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Int. J. Environ. Res. Public Health 2016, 13(11), 1076; doi:10.3390/ijerph13111076

Combined and Relative Effect Levels of Perceived Risk, Knowledge, Optimism, Pessimism, and Social Trust on Anxiety among Inhabitants Concerning Living on Heavy Metal Contaminated Soil

1
College of Economics and Administration, Beijing University of Technology, No. 100 Pingleyuan, Beijing 100124, China
2
Faculty of Business, University of Greenwich, London SE10 9LS, UK
3
School of Metallurgy and Environment, Central South University, Changsha 410083, China
4
School of Business, Central South University, Changsha 410083, China
*
Author to whom correspondence should be addressed.
Academic Editor: William A. Toscano
Received: 7 September 2016 / Revised: 17 October 2016 / Accepted: 18 October 2016 / Published: 2 November 2016
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Abstract

This research aims at combined and relative effect levels on anxiety of: (1) perceived risk, knowledge, optimism, pessimism, and social trust; and (2) four sub-variables of social trust among inhabitants concerning living on heavy metal contaminated soil. On the basis of survey data from 499 Chinese respondents, results suggest that perceived risk, pessimism, optimism, and social trust have individual, significant, and direct effects on anxiety, while knowledge does not. Knowledge has significant, combined, and interactive effects on anxiety together with social trust and pessimism, respectively, but does not with perceived risk and optimism. Social trust, perceived risk, pessimism, knowledge, and optimism have significantly combined effects on anxiety; the five variables as a whole have stronger predictive values than each one individually. Anxiety is influenced firstly by social trust and secondly by perceived risk, pessimism, knowledge, and optimism. Each of four sub-variables of social trust has an individual, significant, and negative effect on anxiety. When introducing four sub-variables into one model, trust in social organizations and in the government have significantly combined effects on anxiety, while trust in experts and in friends and relatives do not; anxiety is influenced firstly by trust in social organization, and secondly by trust in the government. View Full-Text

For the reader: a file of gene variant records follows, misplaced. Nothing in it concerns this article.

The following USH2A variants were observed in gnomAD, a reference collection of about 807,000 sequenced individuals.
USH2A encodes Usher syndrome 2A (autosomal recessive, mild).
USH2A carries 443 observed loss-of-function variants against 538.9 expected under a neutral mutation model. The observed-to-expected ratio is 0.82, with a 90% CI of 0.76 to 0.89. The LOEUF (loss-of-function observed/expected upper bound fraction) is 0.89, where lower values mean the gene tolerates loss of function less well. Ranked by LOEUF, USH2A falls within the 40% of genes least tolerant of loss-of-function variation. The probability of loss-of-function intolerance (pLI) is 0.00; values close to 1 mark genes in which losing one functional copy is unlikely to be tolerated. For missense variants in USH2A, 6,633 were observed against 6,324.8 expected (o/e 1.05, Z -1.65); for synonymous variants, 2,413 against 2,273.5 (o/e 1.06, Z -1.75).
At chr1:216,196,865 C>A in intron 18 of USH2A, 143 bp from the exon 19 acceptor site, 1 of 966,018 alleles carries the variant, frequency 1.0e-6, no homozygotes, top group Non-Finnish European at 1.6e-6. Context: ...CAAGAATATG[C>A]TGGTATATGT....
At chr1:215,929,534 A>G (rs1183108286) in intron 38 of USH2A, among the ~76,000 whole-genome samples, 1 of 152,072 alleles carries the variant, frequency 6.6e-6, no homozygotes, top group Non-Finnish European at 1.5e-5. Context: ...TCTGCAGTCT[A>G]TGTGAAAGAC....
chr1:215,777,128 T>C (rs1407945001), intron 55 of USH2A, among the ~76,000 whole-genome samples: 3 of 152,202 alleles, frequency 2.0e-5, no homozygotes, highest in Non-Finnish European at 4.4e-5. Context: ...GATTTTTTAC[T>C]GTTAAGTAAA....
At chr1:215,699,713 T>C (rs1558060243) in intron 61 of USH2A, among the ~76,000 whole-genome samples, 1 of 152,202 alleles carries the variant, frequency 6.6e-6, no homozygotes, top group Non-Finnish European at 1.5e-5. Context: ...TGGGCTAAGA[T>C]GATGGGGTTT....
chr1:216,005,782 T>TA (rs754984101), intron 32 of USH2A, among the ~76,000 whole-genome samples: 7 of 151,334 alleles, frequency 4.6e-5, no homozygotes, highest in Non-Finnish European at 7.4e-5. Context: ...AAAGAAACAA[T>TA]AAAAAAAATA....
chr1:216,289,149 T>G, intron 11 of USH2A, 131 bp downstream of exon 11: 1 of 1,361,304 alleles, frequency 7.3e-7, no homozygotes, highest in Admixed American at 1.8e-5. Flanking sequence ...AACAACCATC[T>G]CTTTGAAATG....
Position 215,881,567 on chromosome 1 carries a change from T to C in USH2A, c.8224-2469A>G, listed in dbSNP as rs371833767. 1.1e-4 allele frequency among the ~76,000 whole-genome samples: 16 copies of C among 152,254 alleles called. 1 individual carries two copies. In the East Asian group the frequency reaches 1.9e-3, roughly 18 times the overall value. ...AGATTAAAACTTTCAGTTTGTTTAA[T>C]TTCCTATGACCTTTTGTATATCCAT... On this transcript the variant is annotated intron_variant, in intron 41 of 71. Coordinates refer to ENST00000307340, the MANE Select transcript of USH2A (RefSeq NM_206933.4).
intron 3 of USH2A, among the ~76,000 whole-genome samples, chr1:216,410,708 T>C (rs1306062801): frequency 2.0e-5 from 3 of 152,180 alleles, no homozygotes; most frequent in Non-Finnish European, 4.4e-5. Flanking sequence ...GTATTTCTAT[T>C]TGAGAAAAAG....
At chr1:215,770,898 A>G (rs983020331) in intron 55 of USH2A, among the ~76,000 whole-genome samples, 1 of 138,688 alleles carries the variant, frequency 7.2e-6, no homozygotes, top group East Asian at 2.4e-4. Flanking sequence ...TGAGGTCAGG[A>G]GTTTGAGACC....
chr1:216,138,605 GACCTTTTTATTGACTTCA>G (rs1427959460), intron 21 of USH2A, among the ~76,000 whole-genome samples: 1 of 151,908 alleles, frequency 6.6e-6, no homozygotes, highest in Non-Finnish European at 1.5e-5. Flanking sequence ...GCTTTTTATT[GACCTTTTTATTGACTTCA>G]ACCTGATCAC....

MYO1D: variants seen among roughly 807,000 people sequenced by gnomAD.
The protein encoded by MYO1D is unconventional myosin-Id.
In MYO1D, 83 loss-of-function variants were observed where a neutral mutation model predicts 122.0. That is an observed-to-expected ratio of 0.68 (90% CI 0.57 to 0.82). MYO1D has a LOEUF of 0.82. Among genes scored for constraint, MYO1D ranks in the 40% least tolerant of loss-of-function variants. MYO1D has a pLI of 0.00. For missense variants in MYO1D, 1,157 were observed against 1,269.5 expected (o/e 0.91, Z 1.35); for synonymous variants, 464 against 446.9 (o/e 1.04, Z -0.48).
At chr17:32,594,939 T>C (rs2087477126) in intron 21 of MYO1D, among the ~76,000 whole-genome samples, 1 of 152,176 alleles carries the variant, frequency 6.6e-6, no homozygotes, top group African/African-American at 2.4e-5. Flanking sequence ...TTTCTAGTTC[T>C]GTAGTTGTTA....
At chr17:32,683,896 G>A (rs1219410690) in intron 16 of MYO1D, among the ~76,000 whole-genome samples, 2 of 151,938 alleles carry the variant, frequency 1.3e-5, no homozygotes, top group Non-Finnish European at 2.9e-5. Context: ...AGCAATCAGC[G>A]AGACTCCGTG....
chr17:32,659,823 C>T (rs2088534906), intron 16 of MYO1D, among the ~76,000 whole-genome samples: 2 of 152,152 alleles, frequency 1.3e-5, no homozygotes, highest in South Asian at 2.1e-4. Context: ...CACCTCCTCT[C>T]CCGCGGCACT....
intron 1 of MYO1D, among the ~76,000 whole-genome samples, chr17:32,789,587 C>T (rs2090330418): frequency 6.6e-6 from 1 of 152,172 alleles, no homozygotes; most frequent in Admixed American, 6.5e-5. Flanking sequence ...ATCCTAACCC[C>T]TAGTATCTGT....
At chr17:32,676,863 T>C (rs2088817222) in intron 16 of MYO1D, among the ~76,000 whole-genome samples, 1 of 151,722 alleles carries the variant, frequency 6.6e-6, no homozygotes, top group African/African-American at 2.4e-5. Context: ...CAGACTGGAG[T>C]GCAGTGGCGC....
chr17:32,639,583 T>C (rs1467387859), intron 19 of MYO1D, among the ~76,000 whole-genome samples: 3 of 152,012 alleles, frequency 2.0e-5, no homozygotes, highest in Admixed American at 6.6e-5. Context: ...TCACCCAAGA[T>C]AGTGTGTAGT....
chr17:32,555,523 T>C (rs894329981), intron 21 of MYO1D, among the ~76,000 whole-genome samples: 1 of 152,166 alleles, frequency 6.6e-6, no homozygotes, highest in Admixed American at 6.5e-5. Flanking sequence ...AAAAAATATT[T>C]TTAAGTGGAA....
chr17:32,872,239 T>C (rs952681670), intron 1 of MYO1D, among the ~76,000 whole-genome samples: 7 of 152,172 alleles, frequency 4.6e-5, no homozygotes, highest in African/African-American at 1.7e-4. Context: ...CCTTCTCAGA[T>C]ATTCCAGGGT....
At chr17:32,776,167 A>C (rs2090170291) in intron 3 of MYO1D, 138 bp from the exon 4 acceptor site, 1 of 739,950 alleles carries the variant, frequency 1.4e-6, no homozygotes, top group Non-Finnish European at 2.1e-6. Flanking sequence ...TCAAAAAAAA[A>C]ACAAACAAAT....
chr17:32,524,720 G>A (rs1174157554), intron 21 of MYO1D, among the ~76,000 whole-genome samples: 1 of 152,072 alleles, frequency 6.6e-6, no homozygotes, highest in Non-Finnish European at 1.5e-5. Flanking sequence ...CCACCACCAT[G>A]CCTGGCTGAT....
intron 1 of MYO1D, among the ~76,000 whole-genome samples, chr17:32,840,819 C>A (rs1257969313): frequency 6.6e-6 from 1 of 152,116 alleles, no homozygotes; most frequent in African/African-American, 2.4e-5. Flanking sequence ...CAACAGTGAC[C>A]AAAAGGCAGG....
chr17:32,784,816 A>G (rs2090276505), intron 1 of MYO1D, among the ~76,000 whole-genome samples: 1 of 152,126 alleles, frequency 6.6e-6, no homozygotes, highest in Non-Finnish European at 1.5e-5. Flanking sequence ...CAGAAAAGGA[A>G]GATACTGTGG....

Keywords: anxiety; contaminated soil; knowledge; optimism; perceived risk; social trust anxiety; contaminated soil; knowledge; optimism; perceived risk; social trust
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MDPI and ACS Style

Tang, Z.; Guo, Z.; Zhou, L.; Xue, S.; Zhu, Q.; Zhu, H. Combined and Relative Effect Levels of Perceived Risk, Knowledge, Optimism, Pessimism, and Social Trust on Anxiety among Inhabitants Concerning Living on Heavy Metal Contaminated Soil. Int. J. Environ. Res. Public Health 2016, 13, 1076.

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